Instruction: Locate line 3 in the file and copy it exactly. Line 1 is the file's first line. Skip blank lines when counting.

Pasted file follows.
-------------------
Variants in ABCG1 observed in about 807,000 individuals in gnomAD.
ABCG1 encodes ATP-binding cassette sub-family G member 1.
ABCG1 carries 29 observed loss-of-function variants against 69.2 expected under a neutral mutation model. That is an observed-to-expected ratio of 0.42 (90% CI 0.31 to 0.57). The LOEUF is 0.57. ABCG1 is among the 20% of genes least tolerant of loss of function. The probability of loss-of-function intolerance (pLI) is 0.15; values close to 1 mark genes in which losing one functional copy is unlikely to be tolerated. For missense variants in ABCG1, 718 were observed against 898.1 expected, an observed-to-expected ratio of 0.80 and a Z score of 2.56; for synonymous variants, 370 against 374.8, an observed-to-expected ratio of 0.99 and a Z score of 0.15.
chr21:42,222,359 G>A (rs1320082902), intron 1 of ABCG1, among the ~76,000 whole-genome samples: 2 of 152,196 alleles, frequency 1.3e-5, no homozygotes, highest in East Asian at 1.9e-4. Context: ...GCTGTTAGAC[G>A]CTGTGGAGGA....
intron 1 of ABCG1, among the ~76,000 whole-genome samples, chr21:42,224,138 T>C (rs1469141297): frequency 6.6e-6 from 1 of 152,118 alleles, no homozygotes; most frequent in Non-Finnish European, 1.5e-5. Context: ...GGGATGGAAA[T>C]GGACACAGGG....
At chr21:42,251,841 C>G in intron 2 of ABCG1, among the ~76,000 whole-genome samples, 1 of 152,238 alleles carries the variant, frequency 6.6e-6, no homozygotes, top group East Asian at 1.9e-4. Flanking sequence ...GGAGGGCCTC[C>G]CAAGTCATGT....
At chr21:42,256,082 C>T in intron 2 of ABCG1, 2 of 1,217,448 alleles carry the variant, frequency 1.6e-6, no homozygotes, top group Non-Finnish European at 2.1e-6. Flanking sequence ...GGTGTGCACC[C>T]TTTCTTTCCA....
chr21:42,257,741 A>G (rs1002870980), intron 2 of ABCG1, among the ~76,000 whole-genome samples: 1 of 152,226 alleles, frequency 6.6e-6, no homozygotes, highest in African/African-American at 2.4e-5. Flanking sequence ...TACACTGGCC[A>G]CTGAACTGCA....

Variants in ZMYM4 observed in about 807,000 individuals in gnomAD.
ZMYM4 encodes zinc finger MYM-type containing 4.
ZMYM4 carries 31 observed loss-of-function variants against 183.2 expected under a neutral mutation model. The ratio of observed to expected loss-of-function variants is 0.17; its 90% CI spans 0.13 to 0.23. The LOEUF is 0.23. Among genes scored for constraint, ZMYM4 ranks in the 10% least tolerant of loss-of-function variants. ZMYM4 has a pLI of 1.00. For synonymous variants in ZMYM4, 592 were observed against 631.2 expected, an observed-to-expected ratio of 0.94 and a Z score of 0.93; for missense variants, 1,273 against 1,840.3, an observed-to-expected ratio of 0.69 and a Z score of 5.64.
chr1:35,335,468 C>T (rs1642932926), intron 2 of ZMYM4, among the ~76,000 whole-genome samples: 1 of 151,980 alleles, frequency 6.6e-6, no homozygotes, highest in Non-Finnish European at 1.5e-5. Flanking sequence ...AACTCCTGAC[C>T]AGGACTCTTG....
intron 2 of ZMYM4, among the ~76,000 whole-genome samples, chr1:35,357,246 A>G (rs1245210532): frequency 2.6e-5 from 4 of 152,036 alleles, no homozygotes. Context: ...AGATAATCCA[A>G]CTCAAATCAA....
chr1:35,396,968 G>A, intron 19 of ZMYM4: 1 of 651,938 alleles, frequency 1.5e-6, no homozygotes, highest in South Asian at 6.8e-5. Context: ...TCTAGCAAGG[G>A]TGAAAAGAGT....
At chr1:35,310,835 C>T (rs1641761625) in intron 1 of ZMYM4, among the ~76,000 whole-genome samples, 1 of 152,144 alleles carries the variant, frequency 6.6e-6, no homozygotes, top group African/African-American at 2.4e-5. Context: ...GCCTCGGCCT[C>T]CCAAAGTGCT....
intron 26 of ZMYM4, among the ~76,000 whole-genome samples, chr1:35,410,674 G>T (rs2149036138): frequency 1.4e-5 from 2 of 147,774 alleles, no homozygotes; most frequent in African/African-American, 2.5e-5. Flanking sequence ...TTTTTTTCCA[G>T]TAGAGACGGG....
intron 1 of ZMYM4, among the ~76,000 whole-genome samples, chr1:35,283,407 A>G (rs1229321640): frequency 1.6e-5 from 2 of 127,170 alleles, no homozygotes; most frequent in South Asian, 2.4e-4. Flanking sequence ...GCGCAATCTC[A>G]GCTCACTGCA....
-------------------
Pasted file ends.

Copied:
ABCG1 carries 29 observed loss-of-function variants against 69.2 expected under a neutral mutation model. That is an observed-to-expected ratio of 0.42 (90% CI 0.31 to 0.57). The LOEUF is 0.57. ABCG1 is among the 20% of genes least tolerant of loss of function. The probability of loss-of-function intolerance (pLI) is 0.15; values close to 1 mark genes in which losing one functional copy is unlikely to be tolerated. For missense variants in ABCG1, 718 were observed against 898.1 expected, an observed-to-expected ratio of 0.80 and a Z score of 2.56; for synonymous variants, 370 against 374.8, an observed-to-expected ratio of 0.99 and a Z score of 0.15.